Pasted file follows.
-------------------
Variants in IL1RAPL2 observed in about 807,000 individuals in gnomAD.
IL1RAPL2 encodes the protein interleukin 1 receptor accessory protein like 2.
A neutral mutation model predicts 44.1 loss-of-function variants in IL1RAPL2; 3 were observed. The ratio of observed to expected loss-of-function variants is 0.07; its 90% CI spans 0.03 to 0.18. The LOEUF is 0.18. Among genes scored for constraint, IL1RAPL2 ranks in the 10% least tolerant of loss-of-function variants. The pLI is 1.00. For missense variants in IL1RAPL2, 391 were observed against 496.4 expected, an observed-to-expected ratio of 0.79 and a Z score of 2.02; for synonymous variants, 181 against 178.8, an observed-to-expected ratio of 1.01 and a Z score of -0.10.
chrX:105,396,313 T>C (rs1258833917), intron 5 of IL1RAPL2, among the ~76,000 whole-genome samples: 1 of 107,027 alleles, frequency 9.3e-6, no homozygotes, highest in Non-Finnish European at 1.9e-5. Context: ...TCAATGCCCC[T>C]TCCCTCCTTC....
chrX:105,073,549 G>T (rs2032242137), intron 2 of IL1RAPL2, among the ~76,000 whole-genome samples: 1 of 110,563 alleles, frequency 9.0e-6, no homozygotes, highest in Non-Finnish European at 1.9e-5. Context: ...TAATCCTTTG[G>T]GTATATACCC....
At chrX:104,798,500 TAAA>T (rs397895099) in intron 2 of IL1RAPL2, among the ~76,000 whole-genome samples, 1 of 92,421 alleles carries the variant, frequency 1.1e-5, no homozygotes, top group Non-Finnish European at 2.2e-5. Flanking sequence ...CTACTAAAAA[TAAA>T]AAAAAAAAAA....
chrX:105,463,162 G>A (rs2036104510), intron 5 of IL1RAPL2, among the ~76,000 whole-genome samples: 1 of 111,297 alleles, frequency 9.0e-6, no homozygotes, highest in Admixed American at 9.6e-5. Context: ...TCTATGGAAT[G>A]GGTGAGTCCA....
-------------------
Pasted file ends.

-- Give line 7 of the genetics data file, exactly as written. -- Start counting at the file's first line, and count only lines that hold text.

chrX:105,463,162 G>A (rs2036104510), intron 5 of IL1RAPL2, among the ~76,000 whole-genome samples: 1 of 111,297 alleles, frequency 9.0e-6, no homozygotes, highest in Admixed American at 9.6e-5. Context: ...TCTATGGAAT[G>A]GGTGAGTCCA....